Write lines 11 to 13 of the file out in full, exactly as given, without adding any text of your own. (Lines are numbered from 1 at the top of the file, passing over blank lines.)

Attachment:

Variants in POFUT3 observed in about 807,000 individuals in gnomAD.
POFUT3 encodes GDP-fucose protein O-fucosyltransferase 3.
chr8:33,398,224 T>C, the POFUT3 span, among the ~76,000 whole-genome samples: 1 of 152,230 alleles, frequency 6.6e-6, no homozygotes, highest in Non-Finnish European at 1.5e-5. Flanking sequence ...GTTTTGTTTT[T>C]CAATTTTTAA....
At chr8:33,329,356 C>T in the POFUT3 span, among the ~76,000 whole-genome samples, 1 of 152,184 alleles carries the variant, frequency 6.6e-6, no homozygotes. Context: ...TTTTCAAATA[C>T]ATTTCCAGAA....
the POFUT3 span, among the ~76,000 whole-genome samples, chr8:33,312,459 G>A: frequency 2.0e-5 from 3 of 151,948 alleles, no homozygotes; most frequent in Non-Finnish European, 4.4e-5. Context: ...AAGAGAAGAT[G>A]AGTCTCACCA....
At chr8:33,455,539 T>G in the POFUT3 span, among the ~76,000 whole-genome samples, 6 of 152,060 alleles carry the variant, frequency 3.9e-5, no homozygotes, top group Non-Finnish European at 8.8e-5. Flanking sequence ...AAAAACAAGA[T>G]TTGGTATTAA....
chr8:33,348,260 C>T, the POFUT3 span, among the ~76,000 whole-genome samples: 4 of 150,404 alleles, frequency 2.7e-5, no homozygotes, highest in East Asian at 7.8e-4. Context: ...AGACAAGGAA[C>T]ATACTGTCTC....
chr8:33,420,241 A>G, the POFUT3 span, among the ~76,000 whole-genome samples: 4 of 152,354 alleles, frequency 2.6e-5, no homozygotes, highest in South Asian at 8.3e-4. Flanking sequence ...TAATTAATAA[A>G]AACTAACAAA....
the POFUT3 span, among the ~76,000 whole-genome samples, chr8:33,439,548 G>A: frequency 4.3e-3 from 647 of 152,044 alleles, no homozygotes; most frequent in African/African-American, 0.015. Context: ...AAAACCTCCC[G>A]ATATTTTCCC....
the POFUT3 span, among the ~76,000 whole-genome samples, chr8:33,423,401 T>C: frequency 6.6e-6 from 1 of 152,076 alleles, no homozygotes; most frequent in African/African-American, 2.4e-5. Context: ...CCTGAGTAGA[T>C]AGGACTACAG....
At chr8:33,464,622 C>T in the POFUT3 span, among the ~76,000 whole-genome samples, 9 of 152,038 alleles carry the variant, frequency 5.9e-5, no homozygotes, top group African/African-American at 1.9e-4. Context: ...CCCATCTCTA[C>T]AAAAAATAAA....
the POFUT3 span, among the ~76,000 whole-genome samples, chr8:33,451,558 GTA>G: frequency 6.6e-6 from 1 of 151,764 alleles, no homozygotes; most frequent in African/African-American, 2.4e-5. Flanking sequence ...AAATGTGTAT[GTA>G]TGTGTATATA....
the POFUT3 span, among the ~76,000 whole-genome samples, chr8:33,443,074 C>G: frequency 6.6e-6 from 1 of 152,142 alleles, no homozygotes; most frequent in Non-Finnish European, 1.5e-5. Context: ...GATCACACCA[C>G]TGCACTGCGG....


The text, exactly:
At chr8:33,464,622 C>T in the POFUT3 span, among the ~76,000 whole-genome samples, 9 of 152,038 alleles carry the variant, frequency 5.9e-5, no homozygotes, top group African/African-American at 1.9e-4. Context: ...CCCATCTCTA[C>T]AAAAAATAAA....
the POFUT3 span, among the ~76,000 whole-genome samples, chr8:33,451,558 GTA>G: frequency 6.6e-6 from 1 of 151,764 alleles, no homozygotes; most frequent in African/African-American, 2.4e-5. Flanking sequence ...AAATGTGTAT[GTA>G]TGTGTATATA....
the POFUT3 span, among the ~76,000 whole-genome samples, chr8:33,443,074 C>G: frequency 6.6e-6 from 1 of 152,142 alleles, no homozygotes; most frequent in Non-Finnish European, 1.5e-5. Context: ...GATCACACCA[C>G]TGCACTGCGG....